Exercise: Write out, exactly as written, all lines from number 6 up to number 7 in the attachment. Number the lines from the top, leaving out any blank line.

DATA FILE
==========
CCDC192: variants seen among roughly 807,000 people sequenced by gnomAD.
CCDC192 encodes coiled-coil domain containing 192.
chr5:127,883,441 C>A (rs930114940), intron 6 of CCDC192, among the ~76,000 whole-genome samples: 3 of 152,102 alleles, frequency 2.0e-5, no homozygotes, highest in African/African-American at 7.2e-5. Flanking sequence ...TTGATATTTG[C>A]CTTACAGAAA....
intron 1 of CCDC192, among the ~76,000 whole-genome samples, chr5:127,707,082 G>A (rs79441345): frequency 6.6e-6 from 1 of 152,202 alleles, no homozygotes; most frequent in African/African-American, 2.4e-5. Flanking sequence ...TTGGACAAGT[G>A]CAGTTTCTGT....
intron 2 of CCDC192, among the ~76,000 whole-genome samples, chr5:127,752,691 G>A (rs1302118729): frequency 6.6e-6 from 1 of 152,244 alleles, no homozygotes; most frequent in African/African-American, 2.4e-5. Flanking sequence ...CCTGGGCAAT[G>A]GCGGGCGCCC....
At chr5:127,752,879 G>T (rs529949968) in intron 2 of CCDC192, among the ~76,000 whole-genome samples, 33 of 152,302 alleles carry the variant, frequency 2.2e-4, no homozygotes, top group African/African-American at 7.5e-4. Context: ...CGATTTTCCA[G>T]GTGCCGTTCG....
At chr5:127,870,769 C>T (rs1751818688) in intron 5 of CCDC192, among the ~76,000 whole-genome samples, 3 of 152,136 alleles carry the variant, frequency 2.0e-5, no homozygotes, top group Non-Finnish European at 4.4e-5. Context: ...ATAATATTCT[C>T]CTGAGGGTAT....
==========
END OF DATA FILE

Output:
At chr5:127,752,879 G>T (rs529949968) in intron 2 of CCDC192, among the ~76,000 whole-genome samples, 33 of 152,302 alleles carry the variant, frequency 2.2e-4, no homozygotes, top group African/African-American at 7.5e-4. Context: ...CGATTTTCCA[G>T]GTGCCGTTCG....
At chr5:127,870,769 C>T (rs1751818688) in intron 5 of CCDC192, among the ~76,000 whole-genome samples, 3 of 152,136 alleles carry the variant, frequency 2.0e-5, no homozygotes, top group Non-Finnish European at 4.4e-5. Context: ...ATAATATTCT[C>T]CTGAGGGTAT....